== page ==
La crisi dell’euro è finita?

BRUXELLES – Le crisi finanziarie tendono ad iniziare repentinamente e a finire di sorpresa. Tre anni fa la crisi dell’euro iniziò quando la Grecia divenne motivo di preoccupazione tra i policy maker e causa di agitazione tra i gestori di fondi. Dalla fine del 2012 ha prevalso una sorta di armistizio. Significa forse che la crisi è finita?

Secondo gli standard consueti delle crisi finanziarie, tre anni sono un periodo lungo. Un anno dopo il collasso di Lehman Brothers avvenuto nel settembre del 2008, la fiducia nel sistema finanziario degli Stati Uniti era stata ripristinata e la ripresa avviata. Poco più di un anno dopo che la débâcle dei regimi di cambio del 1997 aveva scatenato la peggiore recessione delle economie asiatiche da decenni, questi Paesi prosperavano di nuovo. L’Eurozona, almeno questa volta, ha raggiunto il punto di flesso?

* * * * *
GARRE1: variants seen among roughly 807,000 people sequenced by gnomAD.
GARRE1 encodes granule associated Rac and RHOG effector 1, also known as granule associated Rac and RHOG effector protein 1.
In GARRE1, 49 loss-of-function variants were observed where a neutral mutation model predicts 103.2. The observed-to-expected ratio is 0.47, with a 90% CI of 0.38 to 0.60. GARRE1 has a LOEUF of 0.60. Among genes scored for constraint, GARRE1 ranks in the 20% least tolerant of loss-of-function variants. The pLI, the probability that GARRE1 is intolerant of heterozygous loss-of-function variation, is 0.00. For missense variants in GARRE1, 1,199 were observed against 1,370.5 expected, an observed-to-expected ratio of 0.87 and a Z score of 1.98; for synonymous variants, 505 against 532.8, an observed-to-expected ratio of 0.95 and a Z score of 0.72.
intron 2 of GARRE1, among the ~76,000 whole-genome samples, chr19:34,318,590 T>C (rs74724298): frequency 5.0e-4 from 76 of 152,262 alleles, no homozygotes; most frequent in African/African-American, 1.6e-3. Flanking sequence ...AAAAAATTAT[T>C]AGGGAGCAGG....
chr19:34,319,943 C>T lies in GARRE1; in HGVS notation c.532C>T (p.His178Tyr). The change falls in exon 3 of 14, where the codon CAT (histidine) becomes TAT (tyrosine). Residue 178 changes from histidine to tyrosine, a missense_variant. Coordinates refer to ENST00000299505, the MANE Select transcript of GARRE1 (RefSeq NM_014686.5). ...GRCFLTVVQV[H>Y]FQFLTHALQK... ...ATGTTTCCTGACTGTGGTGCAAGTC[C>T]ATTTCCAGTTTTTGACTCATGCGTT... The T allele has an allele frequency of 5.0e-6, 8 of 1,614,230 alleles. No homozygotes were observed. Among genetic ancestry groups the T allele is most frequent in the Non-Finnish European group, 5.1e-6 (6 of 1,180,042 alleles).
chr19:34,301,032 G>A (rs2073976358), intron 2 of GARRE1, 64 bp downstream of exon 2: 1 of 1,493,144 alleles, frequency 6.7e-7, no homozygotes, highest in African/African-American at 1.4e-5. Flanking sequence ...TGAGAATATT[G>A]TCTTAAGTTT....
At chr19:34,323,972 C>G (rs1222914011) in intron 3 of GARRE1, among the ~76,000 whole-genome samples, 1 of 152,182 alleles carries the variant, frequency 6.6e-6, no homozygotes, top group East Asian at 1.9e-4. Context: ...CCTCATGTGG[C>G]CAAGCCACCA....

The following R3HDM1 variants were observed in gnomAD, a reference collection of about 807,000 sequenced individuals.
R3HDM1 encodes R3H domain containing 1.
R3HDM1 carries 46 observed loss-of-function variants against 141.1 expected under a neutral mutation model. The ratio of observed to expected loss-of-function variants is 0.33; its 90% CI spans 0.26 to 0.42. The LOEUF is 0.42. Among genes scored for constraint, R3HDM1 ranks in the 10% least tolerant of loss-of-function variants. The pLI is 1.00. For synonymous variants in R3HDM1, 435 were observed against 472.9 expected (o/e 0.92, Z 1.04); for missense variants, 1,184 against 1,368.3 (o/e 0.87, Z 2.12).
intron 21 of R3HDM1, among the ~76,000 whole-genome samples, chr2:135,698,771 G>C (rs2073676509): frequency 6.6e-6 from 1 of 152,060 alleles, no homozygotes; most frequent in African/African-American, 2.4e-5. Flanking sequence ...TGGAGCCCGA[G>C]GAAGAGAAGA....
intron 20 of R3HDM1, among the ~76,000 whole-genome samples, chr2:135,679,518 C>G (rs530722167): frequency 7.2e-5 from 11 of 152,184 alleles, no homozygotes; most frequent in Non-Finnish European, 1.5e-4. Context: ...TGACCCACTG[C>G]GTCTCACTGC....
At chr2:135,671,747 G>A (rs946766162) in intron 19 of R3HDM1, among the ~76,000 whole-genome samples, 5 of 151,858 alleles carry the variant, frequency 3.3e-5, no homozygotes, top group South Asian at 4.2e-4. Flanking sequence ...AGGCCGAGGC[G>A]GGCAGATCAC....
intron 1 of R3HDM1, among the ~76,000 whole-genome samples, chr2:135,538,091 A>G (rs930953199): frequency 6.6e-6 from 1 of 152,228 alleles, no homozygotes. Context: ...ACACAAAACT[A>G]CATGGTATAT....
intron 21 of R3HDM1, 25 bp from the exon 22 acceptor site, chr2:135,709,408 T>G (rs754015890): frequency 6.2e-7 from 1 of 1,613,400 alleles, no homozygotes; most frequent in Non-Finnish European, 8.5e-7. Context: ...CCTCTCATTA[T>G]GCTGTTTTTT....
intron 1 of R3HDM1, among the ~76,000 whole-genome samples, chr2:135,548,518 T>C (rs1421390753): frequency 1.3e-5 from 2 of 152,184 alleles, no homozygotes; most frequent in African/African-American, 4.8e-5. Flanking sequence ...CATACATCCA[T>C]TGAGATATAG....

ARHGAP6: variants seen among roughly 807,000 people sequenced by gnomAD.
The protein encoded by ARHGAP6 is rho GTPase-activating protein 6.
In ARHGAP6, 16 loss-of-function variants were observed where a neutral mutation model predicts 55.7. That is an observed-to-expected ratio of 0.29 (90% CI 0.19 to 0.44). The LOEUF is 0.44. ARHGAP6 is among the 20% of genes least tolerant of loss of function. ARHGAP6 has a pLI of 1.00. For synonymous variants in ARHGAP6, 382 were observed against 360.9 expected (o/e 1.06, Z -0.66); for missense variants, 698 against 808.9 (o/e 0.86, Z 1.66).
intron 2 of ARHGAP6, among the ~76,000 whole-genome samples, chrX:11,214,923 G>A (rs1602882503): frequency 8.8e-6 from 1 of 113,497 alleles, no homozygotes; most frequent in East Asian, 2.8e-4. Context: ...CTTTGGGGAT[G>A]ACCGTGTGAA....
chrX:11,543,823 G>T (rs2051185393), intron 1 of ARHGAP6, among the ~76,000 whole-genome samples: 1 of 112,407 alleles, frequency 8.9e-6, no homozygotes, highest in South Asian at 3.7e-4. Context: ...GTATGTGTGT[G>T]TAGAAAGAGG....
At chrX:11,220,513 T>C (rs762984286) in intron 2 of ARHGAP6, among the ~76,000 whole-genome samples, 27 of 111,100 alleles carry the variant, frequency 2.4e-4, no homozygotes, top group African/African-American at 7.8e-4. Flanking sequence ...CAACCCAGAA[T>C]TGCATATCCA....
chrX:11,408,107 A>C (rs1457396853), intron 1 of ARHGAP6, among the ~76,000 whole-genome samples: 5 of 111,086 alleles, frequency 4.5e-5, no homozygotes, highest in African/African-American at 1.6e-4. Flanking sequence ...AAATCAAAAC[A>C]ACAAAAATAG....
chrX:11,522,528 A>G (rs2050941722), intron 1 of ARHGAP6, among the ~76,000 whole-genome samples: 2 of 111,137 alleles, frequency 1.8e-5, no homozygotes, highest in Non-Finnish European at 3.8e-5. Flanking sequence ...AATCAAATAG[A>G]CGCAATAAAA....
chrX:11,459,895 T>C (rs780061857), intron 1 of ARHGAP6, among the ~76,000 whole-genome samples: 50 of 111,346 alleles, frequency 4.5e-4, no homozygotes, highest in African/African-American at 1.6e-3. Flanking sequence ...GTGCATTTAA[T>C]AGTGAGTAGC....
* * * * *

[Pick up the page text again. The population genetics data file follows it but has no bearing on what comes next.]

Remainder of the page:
Numerose battaglie sono state combattute negli ultimi tre anni – per la Grecia, l’Irlanda, la Spagna e l’Italia, per citare le più importanti. I combattenti finanziari dell’Unione europea sono esausti. Gli hedge fund inizialmente rendevano scommettendo sul peggioramento della crisi, poi persero il denaro scommettendo su un default dell’Eurozona. I policy maker inizialmente hanno perso credibilità non affrontando correttamente la situazione, per poi recuperarla in parte abbracciando iniziative coraggiose. I dati recenti suggeriscono che il capitale ha iniziato a rientrare nel Sud Europa.

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